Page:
Freethinkers and radicals #OccupyWallStreet: The activist tradition and Yom Kippur

Emma Goldman's non-traditional relationship to Jewish practice is evidenced by her participation in events such as this, scheduled on Jewish holy days.

Freethinkers and Radicals

Will Meet at the "Yom Kipur" Picnic

Arranged by the Progressive Library of New York

Wednesday, September 18th, 1907

At Liberty Park

Tickets, 25 cts. Tickets can be secured through the office of Mother Earth

The iconic anarchist Emma Goldman believed that religion was inherently repressive. An atheist Jew, she challenged the conservatism of the traditional Jewish community by holding events on Jewish holidays, like a Yom Kippur picnic for "freethinkers and radicals" in 1907. It is beautiful to see that in 2011, freethinking, radical Jews are following in Goldman’s footsteps by engaging in the Jewish tradition of activism and protest during the High Holy Days.

Over the past week, the #OccupyWallStreet movement picked up steam as solidarity protests broke out in major cities across the country and the press finally started to pay attention. Online activism ramped up too, especially with the heartbreaking Tumblr site “We Are the 99 Percent,” where individuals share stories of hardship, frustration, and the hopelessness of the so-called “American Dream.”

Daniel Sieradski, the director of Jew It Yourself, organized Kol Nidre services at #OccupyWallStreet in New York City. He told JTA, “We are hosting a Friday night Yom Kippur service to accommodate both Jewish demonstrators, and to bring out the Jewish community to protest the economic injustice that is happening in the U.S. and around the world.” On the Facebook event page, he writes:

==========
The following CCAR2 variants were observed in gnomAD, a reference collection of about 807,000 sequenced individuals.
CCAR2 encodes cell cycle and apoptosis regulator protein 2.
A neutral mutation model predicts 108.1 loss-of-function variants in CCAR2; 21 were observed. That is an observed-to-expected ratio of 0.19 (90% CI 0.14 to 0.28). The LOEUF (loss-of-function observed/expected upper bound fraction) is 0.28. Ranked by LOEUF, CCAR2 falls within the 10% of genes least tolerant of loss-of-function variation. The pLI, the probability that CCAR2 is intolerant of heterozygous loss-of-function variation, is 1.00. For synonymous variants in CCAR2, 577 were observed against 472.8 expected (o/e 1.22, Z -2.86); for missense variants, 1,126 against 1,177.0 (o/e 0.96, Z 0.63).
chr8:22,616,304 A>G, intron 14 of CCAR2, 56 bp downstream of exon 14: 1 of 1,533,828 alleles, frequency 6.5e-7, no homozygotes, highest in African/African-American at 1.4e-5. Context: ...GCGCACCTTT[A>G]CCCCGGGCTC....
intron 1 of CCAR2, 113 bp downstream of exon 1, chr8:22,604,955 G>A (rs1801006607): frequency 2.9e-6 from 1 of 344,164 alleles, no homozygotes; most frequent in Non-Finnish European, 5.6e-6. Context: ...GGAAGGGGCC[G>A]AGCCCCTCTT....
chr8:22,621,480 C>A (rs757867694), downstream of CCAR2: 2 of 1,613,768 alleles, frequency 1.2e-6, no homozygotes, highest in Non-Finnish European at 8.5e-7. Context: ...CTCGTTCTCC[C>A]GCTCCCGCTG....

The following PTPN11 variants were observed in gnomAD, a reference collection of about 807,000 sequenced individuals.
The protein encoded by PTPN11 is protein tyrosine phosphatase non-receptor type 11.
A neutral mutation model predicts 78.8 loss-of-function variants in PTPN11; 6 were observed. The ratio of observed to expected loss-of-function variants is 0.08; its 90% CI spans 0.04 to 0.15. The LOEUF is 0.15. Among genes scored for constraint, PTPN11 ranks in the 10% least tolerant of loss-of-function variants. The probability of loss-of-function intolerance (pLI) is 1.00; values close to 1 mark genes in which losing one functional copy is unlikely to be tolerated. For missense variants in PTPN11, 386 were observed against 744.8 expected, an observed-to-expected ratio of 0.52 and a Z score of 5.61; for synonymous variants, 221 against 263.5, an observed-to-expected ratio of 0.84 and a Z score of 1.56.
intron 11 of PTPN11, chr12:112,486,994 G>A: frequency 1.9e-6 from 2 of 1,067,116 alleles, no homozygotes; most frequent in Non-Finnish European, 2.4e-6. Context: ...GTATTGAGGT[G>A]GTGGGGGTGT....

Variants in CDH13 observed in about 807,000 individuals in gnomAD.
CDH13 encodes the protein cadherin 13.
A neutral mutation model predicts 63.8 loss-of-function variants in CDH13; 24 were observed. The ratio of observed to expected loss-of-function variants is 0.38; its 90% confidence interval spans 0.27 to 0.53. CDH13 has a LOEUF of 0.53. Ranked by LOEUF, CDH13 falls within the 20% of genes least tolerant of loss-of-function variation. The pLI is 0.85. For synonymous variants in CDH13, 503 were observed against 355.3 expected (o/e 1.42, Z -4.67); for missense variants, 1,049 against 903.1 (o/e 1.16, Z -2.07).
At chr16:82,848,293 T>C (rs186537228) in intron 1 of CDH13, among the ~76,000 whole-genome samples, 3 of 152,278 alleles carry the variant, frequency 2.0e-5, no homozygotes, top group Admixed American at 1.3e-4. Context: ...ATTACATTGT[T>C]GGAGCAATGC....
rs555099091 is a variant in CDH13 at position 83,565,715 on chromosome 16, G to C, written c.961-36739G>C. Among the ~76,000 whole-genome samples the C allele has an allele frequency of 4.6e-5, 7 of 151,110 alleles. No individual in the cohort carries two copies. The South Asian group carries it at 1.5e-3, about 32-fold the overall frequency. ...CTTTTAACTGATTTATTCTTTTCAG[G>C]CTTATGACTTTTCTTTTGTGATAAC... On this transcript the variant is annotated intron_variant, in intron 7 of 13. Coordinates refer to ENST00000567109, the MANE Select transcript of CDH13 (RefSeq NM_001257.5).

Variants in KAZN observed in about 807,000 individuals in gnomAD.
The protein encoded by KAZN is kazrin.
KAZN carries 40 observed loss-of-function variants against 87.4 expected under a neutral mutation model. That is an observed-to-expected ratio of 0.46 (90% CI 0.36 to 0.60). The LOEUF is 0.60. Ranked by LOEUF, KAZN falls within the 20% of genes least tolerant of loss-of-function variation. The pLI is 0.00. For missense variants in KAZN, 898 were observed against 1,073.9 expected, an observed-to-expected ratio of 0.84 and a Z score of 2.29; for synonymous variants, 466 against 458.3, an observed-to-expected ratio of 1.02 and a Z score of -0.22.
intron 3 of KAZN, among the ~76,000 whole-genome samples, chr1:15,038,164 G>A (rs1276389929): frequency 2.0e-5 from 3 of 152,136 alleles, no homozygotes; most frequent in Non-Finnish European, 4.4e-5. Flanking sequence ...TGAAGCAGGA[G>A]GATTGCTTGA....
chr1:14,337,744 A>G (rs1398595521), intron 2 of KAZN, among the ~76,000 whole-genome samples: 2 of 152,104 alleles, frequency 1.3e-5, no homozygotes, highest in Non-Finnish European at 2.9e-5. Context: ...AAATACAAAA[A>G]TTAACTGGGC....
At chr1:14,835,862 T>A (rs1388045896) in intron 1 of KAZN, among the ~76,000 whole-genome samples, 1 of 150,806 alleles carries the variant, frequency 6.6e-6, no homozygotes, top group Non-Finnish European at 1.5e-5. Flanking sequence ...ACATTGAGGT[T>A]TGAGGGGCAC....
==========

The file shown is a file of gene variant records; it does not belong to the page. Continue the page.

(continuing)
As lower Manhattan erupts with thousands of protesters taking a stand against economic injustice, the words of the prophet Isaiah resonate more truthfully and appropriately than ever:

"Is such the fast that I have chosen? the day for a man to afflict his soul? Is it to bow down his head as a bulrush, and to spread sackcloth and ashes under him? Wilt thou call this a fast, and an acceptable day to the LORD? Is not this the fast that I have chosen? to loose the fetters of wickedness, to undo the bands of the yoke, and to let the oppressed go free, and that ye break every yoke? Is it not to deal thy bread to the hungry, and that thou bring the poor that are cast out to thy house? when thou seest the naked, that thou cover him, and that thou hide not thyself from thine own flesh? Then shall thy light break forth as the morning, and thy healing shall spring forth speedily; and thy righteousness shall go before thee, the glory of the LORD shall be thy rearward."

Thus rather than spending the holiday safe and warm in our cozy synagogues thinking abstractly about human suffering, perhaps we should truly afflict ourselves and undertake the fast of Isaiah, by joining the demonstrators in Zuccotti Park, and holding our Yom Kippur services there amongst the oppressed, hungry, poor and naked.